The Problem with High Temperature Incineration
Opinion Piece by Chris Hanson, Concerned Little Bay Resident
Orora and SUEZ Group, (a waste management company) are proposing to build a high temperature waste incinerator as part of a cogeneration plant to provide steam for Orora’s Botany Paper Mill. Orora’s paper mill is located in Botany Road Matraville, near Bunnerong Road.
While it may save Orora money in energy costs, the emissions from high temperature incineration could cause severe, long-term impacts to the environment and the health of residents living at Prince Henry and the surrounding community. Some of the main issues for concern are:
The main source of fuel for Orora’s incinerator will be process engineered fuel or PEF, supplied by the SUEZ Group. Approximately 80 per cent of the fuel for the incinerator will be PEF produced by SUEZ and the remainder waste from Orora’s plant. Overall the fuel stream will contain a range of plastics and other oil based materials which, when burnt, can produce dioxins which are the most lethal Persistent Organic Pollutants (POPs) known. This is because dioxins bioaccumulate in the environment and damage the health of the community by contaminating the air we breathe and local fish and food grown in the area. Dioxins are highly toxic compounds which may cause cancer and neurological damage, disrupt reproductive systems, thyroid systems, respiratory systems etc.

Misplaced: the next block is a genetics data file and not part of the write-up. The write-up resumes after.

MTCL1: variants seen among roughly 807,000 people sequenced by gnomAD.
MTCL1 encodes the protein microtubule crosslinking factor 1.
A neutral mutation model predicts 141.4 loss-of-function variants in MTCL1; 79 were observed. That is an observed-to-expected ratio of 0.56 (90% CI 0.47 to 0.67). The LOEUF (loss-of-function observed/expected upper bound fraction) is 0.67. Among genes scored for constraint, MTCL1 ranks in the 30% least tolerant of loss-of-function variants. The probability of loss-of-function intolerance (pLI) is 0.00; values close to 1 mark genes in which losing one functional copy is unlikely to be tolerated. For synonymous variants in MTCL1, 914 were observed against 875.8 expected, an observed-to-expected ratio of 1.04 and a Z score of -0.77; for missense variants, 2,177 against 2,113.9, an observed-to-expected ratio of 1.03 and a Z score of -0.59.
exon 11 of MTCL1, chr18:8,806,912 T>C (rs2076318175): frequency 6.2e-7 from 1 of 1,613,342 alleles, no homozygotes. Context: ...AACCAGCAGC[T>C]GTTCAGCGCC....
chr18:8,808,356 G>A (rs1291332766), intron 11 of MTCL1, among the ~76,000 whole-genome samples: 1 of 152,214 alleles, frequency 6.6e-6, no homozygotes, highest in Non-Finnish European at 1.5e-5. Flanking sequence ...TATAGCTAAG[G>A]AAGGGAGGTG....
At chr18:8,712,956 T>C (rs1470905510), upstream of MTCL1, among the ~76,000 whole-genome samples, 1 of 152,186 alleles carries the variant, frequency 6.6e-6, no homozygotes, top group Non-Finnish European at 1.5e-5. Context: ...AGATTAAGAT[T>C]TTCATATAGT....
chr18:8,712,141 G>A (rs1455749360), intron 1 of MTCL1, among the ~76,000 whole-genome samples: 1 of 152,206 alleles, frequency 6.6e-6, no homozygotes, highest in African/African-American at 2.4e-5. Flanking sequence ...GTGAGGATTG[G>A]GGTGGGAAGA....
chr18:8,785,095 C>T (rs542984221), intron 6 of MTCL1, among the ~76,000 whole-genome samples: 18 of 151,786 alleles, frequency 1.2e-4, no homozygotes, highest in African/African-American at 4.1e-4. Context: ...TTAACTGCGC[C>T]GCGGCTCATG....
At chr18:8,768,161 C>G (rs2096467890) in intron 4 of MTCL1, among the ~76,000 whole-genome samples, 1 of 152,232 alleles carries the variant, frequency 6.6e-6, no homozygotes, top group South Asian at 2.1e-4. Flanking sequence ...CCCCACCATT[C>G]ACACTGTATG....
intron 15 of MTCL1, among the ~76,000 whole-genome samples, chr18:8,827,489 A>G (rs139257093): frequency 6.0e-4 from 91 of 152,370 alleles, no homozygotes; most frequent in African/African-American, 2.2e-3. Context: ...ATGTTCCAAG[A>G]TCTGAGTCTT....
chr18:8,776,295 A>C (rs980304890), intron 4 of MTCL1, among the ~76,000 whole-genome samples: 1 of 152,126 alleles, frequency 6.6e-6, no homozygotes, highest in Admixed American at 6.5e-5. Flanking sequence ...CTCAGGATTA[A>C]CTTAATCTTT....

Experience has shown that even with the most sophisticated scrubber and pollution control equipment installed, it is notoriously difficult to maintain the optimum furnace conditions to minimise the production of highly toxic pollutants such as dioxins. That’s because to maximise the amount of steam produced, the process has to be run at temperatures which maximise the quantities of dioxins produced.
The scrubber liquid, ash and dust produced by high temperature incineration are also highly hazardous to workers and the environment and require special treatment and disposal facilities. These wastes have the potential to cause serious environmental pollution if leaks or spills occur.
High temperature incineration also produces large amounts of carbon dioxide and nitrous oxides which contribute to global warming.
The use of high temperature incineration also discourages otherwise recyclable materials from being collected and reused. Experience in Europe has shown that high temperature incineration has become the preferred method of disposal over reducing, reusing or recycling.
If you lodge your objections via the respective parliamentary office contact portals for each of the ministers, you should receive a formal acknowledgement, whereas objections to electoral office email or mailing addresses may not be acknowledged. You could try both.
You could create your own objection or copy and paste/cherry pick from the following sample letter of objection and supporting table.